alternatively, make life as difficult as possible for the person who hired you. Call them, email them, basically go out of your way to bother them.

Try and find out who their 'partner' is and talk to them directly and find out what's going on. Use that information when proceeding, but don't reveal that information until it is the right time.

ezekielrage_99
Jun 4, 2009, 07:34 AM
Whenever I am not paid or pay is slow I get a lawyer to draft and send a letter of demand generally that gets action and fast.

the vj
Jun 4, 2009, 08:15 AM
I had a client who was a kind of crazy, after a year he asked me for a quick job for a client of him. I did it and then he keept the money and never paid me back. That was this year and I still in rage.

I had another one like that last year as well.

Obama said once and I believed him: do not be naive.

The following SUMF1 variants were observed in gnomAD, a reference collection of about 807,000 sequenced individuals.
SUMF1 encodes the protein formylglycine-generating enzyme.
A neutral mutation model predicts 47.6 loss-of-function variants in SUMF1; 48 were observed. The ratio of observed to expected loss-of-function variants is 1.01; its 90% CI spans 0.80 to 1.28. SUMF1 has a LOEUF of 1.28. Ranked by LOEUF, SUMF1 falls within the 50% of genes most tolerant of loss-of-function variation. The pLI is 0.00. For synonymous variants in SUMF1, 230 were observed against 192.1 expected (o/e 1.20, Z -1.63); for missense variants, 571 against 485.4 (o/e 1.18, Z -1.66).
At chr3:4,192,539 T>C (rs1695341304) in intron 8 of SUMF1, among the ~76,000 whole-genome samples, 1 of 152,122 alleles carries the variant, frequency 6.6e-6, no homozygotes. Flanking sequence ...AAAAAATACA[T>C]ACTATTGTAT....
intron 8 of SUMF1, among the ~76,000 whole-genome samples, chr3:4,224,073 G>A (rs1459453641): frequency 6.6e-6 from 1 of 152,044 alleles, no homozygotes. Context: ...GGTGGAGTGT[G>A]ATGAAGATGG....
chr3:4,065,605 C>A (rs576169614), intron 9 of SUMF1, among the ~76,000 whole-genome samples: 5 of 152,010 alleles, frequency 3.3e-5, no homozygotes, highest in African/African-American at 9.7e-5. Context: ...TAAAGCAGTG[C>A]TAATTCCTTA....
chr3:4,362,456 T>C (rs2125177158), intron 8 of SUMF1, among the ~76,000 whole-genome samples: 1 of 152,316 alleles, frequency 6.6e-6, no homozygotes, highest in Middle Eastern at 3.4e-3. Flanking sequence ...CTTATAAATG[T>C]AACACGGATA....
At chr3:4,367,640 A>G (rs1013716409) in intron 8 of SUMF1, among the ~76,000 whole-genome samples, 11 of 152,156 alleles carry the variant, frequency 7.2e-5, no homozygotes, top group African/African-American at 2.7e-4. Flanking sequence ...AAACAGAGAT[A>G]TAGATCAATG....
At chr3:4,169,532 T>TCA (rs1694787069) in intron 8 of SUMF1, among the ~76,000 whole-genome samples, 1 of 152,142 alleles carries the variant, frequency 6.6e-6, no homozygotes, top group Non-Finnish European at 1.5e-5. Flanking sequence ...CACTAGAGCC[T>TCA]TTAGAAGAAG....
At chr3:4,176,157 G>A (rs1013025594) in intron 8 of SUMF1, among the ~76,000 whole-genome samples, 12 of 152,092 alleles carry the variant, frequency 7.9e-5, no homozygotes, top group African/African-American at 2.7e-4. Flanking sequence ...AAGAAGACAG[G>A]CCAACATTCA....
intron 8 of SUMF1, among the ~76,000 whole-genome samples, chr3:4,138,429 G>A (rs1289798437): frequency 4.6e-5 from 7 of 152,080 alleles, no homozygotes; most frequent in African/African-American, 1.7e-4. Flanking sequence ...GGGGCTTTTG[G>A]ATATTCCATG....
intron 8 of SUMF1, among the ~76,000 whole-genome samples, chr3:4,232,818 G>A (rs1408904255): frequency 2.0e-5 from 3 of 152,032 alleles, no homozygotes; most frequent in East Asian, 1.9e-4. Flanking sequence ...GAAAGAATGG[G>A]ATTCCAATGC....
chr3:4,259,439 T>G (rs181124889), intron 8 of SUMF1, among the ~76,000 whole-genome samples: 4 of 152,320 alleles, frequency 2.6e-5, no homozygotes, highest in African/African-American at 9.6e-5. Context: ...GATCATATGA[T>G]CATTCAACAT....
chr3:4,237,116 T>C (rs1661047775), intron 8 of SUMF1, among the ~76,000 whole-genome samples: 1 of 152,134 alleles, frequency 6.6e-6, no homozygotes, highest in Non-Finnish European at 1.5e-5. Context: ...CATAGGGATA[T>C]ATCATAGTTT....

Nor, create a conflict.

Tell this mother ****er for a dead line. When are you gonna have the money? you know I am driving a business and I can't wait for ever and I already gave you 2 month in good will.

Put him against the corner very gently, or he either pay you in a week or he won't pay you at all. At least you will know.

Then... do not be naive next time, this person seems problematic and the worst thing in business is having a bad experience.


Read this carefully because this is a fact: no contract or agreement can advoid some one with a bad will. If some one wants to screw you there is not contract in the world who can protect you, they will find the way.

I live in Venezuela, Hugo Chavez is our president, he is the most disgusting person ever, he have been cheating for 10 years now and his culoture of cheating, being corrutp and all that is taking effect in the Venezuelan population, even people who are opponent to him are equialy nasty. The man who asked me for the job and never paid me, after I spoke to his boss he got promoted.

So, do not be naive, precise that bastard, be smart in how you do it.

Macrovertigo
Jun 4, 2009, 10:05 AM